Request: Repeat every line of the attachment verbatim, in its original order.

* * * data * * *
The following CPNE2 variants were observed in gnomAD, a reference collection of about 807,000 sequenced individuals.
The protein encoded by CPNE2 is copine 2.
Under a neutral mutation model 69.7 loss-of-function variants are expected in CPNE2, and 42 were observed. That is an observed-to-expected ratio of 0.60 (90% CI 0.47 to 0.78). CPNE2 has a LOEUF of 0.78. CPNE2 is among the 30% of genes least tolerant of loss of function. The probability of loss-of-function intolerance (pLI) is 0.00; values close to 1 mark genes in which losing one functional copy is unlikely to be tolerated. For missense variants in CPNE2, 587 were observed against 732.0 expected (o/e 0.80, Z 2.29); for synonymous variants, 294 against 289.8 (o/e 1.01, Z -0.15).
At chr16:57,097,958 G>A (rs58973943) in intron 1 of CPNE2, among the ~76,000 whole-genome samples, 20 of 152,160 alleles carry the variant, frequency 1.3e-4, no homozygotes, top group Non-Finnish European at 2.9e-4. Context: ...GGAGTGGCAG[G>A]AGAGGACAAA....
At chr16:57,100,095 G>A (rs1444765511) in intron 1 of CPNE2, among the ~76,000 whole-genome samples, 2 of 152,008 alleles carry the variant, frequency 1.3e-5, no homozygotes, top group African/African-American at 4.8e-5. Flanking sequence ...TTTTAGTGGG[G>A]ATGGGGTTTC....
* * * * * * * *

The following CPNE2 variants were observed in gnomAD, a reference collection of about 807,000 sequenced individuals.
The protein encoded by CPNE2 is copine 2.
Under a neutral mutation model 69.7 loss-of-function variants are expected in CPNE2, and 42 were observed. That is an observed-to-expected ratio of 0.60 (90% CI 0.47 to 0.78). CPNE2 has a LOEUF of 0.78. CPNE2 is among the 30% of genes least tolerant of loss of function. The probability of loss-of-function intolerance (pLI) is 0.00; values close to 1 mark genes in which losing one functional copy is unlikely to be tolerated. For missense variants in CPNE2, 587 were observed against 732.0 expected (o/e 0.80, Z 2.29); for synonymous variants, 294 against 289.8 (o/e 1.01, Z -0.15).
At chr16:57,097,958 G>A (rs58973943) in intron 1 of CPNE2, among the ~76,000 whole-genome samples, 20 of 152,160 alleles carry the variant, frequency 1.3e-4, no homozygotes, top group Non-Finnish European at 2.9e-4. Context: ...GGAGTGGCAG[G>A]AGAGGACAAA....
At chr16:57,100,095 G>A (rs1444765511) in intron 1 of CPNE2, among the ~76,000 whole-genome samples, 2 of 152,008 alleles carry the variant, frequency 1.3e-5, no homozygotes, top group African/African-American at 4.8e-5. Flanking sequence ...TTTTAGTGGG[G>A]ATGGGGTTTC....